This has engendered a culture of fatalism, hopelessness and lack of self belief. It has been estimated that for every Luhya person employed his dependency ratio is 1:10 leaving him with very little room to embark on accumulation of wealth through savings and investment. By comparison, the ratio for Kikuyu is just 1:3.
But help is on the way. In America, a Luhya organisation known as Halala is making commendable strides in marshalling resources to invest in Western Province to alleviate poverty and rebuild dilapidated structures. There is also Andimi again in the USA working towards similar objectives for the Maragoli sub tribe. There may be others in Kenya and all over the world that promote these ideals but most are likely to be of a sectionalist, or clanist texture but they are commendable efforts nonetheless.
ACN would like to build on those gallant efforts and sensitise all Luhya that we cannot wait for “Godot” to build our house. We have been waiting far too long. We must do it ourselves. We must regain the initiative to control our destiny.
We feel that the 18 sub tribes actually complement and enrich rather than conflict with each other. They are a source of rich cultural diversity. They co-exist side by side sharing similar cultural totems and symbolism. Ingwe (leopard) is a symbol of Luhya courage and fearlessness; we all indulge in the pulsating sikuti and lipala dance; we all love obusuma ne ingokho. We all are all peaceful, milembe people. We have more that unites us than divides us.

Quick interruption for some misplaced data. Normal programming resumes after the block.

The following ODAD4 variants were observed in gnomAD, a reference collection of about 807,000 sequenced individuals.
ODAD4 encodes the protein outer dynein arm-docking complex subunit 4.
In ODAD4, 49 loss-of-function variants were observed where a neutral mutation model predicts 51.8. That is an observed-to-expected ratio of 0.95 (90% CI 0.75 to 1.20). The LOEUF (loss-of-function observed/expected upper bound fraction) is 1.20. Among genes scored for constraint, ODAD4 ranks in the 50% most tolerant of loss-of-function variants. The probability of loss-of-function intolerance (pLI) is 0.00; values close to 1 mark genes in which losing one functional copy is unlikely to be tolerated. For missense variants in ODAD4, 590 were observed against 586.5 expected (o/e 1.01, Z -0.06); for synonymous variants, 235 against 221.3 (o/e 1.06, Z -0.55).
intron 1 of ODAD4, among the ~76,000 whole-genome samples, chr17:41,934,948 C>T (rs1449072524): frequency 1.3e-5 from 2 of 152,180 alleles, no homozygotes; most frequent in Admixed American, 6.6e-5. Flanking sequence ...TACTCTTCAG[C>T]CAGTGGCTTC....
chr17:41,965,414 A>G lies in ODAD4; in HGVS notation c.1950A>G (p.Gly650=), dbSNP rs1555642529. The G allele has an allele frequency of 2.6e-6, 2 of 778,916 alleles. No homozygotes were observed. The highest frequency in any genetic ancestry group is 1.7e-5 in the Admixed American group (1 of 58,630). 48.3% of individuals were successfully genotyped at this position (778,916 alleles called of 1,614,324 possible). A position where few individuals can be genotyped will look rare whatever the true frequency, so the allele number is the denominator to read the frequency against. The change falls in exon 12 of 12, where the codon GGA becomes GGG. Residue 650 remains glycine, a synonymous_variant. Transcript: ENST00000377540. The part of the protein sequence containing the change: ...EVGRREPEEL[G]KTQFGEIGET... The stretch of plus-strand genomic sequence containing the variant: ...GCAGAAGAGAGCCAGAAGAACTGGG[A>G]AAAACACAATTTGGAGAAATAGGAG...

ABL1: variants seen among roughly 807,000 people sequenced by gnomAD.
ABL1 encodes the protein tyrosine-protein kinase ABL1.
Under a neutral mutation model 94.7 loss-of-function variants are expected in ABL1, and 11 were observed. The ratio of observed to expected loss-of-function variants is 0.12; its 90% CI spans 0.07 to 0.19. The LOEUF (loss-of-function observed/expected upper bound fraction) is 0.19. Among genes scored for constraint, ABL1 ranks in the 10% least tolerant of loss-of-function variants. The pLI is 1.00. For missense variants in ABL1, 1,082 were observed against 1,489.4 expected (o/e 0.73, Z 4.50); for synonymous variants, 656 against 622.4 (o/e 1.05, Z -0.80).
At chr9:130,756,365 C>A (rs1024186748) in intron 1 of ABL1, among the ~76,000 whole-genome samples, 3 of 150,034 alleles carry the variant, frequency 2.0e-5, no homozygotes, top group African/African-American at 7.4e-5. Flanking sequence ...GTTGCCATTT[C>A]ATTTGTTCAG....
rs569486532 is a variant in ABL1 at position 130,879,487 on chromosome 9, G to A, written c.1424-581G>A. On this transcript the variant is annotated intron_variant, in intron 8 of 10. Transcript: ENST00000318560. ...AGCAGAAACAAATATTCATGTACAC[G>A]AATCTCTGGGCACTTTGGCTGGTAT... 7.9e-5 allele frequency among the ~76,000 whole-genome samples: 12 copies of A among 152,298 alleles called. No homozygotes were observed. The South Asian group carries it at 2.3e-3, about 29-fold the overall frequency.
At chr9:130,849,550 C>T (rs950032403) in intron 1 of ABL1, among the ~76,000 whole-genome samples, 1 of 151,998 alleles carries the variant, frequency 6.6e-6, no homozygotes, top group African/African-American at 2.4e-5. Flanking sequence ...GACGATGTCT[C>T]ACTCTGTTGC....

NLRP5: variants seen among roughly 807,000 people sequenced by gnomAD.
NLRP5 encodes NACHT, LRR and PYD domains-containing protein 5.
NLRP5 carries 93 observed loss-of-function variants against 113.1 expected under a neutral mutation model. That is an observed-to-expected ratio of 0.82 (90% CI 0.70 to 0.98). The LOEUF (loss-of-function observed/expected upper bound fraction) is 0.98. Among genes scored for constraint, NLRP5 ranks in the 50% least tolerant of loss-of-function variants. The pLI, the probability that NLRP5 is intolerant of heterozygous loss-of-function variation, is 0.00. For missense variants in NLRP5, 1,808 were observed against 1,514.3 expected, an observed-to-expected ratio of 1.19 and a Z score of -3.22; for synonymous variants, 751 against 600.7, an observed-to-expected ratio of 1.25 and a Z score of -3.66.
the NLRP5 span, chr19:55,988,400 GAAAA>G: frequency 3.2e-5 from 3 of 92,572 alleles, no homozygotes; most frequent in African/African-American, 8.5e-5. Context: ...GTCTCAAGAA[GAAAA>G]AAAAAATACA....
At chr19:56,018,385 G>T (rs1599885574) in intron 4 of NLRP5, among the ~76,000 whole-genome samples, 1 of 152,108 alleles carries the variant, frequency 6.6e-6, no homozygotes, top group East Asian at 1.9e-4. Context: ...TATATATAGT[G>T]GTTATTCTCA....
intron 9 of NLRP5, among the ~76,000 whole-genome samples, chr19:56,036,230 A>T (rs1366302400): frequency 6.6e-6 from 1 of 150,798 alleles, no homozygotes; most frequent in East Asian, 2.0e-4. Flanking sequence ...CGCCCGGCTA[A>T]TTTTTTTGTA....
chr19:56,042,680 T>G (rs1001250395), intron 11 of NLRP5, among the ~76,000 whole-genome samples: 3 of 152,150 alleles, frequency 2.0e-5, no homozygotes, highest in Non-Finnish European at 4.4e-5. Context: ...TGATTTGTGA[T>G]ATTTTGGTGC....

In the current government, one of our own, Dr Mukhisa Kituyi is the minister for trade and industry but you’ll be hard stretched to see a Luhya among the people queuing to see him in his office for licenses and trade matters.
The Luhya have friends all over the world that may be sympathetic to our cause and may actually put forth resources to help us but they are not going to do so if we appear argumentative, divided and directionless. A house divided can hardly weather the storms. Unity is strength. We all know it. Hardly anyone argues against this altruism. Abana befwe, we have got eyes. Let us see. We have got ears. Let us hear. We have got legs. Let us use them to run. To run for our lives.
We have got hands too. And brains. And skills. And professionals. Let us join hands and support one another. We believe Abeingo Community Network provides a forum for Luhya people to come halala (together) and find ways and means to build and clean our house and mobilise resources for investment in businesses and development projects in the Diaspora and in Kenya to set us on a path of economic revival.